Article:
OPINION

A will for change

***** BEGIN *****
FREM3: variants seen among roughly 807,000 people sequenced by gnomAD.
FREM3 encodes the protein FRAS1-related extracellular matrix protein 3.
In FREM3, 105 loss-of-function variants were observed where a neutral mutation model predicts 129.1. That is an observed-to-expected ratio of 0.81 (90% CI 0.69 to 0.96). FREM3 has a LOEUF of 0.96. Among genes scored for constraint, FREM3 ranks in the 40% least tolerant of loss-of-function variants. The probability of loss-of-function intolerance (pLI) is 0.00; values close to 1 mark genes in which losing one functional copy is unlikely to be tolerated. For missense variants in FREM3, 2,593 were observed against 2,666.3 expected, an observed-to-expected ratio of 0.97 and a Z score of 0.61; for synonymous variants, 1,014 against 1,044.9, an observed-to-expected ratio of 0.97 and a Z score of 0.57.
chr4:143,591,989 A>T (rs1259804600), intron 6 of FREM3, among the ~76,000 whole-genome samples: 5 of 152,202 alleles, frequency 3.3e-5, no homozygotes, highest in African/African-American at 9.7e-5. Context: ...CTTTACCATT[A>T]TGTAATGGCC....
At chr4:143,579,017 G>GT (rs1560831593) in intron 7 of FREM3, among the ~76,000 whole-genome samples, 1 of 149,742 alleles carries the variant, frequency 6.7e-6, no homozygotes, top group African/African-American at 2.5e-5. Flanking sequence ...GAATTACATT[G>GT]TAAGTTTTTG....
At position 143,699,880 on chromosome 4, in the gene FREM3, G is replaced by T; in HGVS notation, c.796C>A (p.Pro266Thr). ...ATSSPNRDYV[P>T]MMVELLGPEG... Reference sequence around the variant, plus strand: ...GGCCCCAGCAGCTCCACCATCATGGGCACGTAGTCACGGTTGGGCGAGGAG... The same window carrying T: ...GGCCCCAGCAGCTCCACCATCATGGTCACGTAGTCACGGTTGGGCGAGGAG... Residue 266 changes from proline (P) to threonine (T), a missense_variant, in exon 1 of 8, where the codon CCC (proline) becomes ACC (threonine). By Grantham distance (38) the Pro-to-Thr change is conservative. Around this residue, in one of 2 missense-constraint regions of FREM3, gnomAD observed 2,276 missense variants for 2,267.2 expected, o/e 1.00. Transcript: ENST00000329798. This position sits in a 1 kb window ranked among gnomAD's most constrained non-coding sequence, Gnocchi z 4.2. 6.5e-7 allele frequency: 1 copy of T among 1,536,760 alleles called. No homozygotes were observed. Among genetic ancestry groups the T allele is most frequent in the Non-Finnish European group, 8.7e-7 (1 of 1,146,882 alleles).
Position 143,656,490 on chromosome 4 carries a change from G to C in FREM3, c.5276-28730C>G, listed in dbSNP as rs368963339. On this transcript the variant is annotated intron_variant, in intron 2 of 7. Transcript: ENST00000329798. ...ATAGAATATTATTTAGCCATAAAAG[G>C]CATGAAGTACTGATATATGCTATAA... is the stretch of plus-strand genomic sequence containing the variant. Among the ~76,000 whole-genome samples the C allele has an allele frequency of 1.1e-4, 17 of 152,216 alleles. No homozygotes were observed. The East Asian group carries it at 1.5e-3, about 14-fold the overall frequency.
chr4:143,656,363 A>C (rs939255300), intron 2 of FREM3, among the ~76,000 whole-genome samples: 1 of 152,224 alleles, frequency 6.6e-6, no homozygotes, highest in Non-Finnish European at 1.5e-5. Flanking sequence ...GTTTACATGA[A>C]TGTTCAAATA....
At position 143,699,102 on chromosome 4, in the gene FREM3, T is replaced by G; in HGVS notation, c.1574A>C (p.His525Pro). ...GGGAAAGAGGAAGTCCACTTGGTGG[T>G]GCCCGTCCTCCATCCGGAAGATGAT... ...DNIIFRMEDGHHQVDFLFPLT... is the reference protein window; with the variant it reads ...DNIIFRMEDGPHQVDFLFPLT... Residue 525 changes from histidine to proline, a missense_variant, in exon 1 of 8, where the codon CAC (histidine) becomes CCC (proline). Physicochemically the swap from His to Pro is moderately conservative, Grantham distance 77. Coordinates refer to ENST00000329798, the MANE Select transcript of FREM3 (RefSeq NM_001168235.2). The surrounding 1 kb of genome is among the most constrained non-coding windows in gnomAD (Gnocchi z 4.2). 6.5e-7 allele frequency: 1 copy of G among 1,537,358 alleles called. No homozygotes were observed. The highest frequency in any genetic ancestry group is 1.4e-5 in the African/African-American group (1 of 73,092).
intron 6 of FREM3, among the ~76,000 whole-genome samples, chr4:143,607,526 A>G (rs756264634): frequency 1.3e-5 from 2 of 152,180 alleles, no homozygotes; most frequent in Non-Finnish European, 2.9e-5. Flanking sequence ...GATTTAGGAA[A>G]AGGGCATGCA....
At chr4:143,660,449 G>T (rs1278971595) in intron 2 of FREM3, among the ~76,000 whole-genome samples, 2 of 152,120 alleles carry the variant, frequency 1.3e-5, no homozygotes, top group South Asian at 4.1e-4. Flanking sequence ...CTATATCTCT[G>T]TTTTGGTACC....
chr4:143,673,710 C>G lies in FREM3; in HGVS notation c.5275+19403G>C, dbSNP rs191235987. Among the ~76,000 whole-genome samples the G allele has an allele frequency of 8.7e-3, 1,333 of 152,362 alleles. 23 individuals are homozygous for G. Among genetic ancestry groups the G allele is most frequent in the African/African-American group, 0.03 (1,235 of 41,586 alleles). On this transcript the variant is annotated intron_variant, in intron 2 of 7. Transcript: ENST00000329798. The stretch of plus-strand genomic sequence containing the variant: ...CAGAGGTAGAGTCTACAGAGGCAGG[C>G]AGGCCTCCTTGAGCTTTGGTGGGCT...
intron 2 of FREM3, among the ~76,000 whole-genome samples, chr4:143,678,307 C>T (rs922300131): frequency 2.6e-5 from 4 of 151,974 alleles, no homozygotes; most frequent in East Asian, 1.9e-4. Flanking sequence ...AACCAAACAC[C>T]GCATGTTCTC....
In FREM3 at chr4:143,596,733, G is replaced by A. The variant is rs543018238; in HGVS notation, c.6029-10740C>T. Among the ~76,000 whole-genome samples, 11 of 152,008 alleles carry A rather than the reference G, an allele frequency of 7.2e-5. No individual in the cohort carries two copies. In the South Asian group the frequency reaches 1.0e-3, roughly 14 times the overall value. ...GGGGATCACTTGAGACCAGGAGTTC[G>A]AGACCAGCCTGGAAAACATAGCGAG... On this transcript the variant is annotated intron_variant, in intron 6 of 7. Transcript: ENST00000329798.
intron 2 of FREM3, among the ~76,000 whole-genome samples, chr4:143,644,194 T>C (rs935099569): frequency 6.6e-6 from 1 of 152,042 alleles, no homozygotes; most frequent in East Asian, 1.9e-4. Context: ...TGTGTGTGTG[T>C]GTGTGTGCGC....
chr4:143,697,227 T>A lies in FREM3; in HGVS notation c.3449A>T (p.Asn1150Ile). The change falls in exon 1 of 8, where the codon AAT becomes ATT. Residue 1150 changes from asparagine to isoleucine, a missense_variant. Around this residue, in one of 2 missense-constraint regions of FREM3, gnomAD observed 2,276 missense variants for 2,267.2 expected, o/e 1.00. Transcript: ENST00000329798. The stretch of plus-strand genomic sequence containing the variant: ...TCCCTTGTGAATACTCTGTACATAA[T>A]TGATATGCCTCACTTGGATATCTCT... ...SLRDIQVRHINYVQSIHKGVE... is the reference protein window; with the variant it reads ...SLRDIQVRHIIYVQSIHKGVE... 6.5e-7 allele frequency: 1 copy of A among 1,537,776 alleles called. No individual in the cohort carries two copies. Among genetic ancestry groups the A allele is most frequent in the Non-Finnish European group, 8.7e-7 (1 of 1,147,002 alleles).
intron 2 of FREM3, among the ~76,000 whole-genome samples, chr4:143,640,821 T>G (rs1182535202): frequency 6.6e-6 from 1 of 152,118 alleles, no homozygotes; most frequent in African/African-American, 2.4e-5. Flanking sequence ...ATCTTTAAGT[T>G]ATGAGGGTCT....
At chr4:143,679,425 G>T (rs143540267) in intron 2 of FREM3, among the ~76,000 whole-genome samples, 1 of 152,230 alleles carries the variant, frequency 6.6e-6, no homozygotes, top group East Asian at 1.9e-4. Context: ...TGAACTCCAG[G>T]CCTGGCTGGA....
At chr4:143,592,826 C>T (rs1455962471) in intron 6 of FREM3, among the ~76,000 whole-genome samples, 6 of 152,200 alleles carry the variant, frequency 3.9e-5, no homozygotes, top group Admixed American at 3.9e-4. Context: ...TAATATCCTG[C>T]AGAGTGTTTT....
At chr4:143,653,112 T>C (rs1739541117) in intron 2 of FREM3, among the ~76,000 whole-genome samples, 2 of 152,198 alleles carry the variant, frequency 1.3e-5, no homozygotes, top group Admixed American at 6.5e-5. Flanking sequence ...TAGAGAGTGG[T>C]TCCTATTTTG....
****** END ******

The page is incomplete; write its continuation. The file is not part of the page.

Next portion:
George Papandreou was spot-on when he said a party does not necessarily earn the right to govern just because it has been waiting on the sidelines for a long time. A change of government comes about in order to meet a political need or fill a void. Ultimately, it is the result of popular demand for change – often diffused through the various social strata, but clear. And this popular demand actually exists. It is not only to be seen in opinion polls – which anyway undermine their own credibility by offering contradictory results. It can also be seen in Papandreou’s attempts to present himself to voters as the bringer of change, the leader who readily admits that there is a need for an overhaul – both of his party and the government. Whether this is a pre-electoral tactic or not is less significant than whether this is a reflection of a general will for change. This popular demand existed way before it became a slogan for the opposition New Democracy party… and then for Papandreou. Over the last few years, it has operated as an expression of popular discontent, protest, even rage. There were many reasons for this: Farmers watched their incomes dwindle and the unemployed and low-income classes were threatened with social exclusion and marginalization. And their protests turned into outrage following proposals for pension reform and changes to state education and health. But the discontent really set in when citizens realized that they could not avoid paying bribes if they wanted to deal with the public sector…